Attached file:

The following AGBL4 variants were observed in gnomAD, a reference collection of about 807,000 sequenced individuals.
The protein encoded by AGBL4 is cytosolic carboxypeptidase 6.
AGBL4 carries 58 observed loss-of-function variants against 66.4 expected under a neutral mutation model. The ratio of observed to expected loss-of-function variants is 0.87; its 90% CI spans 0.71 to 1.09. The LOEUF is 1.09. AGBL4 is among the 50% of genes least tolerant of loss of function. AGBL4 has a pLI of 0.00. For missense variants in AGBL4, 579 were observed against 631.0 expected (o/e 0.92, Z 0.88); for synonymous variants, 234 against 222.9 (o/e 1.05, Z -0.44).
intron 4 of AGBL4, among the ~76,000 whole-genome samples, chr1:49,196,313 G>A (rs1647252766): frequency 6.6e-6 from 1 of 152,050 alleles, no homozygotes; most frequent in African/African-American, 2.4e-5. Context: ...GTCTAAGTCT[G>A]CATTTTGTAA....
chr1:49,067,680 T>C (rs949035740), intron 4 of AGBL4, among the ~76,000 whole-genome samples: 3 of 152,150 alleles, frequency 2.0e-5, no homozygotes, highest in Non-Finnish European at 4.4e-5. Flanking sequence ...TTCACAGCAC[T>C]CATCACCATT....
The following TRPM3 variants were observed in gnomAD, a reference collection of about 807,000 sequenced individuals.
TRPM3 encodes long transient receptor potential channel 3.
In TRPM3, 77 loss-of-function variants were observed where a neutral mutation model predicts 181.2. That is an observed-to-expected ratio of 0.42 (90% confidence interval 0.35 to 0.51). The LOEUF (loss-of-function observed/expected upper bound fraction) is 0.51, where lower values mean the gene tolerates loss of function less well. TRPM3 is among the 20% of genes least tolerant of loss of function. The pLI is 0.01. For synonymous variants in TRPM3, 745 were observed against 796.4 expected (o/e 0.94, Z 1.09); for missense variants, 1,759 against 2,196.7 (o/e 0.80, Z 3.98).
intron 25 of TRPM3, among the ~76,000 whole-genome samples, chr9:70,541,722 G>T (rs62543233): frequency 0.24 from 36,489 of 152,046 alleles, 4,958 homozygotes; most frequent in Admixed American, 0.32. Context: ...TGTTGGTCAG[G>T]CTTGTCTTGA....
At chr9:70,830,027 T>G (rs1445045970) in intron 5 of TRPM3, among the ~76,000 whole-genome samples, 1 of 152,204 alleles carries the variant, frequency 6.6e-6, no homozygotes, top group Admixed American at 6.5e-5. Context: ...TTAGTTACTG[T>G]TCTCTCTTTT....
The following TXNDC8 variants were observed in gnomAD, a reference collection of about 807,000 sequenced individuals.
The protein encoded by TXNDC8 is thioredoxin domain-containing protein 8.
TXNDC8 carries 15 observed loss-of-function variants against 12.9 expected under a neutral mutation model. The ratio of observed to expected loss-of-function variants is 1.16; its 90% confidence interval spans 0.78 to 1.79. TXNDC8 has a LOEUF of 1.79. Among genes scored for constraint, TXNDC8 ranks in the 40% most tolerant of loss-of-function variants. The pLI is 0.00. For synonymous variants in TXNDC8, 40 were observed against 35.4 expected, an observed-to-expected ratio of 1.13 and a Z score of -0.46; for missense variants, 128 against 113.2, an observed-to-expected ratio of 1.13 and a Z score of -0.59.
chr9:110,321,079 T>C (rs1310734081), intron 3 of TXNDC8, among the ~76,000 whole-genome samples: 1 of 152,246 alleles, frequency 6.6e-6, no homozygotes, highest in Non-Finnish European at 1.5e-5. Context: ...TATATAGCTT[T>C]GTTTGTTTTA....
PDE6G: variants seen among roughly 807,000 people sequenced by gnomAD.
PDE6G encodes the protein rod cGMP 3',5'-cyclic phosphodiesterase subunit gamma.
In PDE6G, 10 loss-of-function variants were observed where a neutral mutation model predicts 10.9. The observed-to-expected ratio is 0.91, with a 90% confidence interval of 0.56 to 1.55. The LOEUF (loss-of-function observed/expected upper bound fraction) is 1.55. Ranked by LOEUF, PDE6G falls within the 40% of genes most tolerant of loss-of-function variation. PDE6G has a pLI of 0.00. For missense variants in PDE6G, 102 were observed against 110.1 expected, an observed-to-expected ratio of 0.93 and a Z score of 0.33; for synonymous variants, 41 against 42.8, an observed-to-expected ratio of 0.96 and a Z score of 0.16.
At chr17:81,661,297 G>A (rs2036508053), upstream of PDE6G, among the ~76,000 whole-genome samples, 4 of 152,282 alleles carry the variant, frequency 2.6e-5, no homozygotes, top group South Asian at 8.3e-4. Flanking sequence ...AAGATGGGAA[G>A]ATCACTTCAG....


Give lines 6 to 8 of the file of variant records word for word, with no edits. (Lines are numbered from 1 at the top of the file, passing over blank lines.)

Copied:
The following TRPM3 variants were observed in gnomAD, a reference collection of about 807,000 sequenced individuals.
TRPM3 encodes long transient receptor potential channel 3.
In TRPM3, 77 loss-of-function variants were observed where a neutral mutation model predicts 181.2. That is an observed-to-expected ratio of 0.42 (90% confidence interval 0.35 to 0.51). The LOEUF (loss-of-function observed/expected upper bound fraction) is 0.51, where lower values mean the gene tolerates loss of function less well. TRPM3 is among the 20% of genes least tolerant of loss of function. The pLI is 0.01. For synonymous variants in TRPM3, 745 were observed against 796.4 expected (o/e 0.94, Z 1.09); for missense variants, 1,759 against 2,196.7 (o/e 0.80, Z 3.98).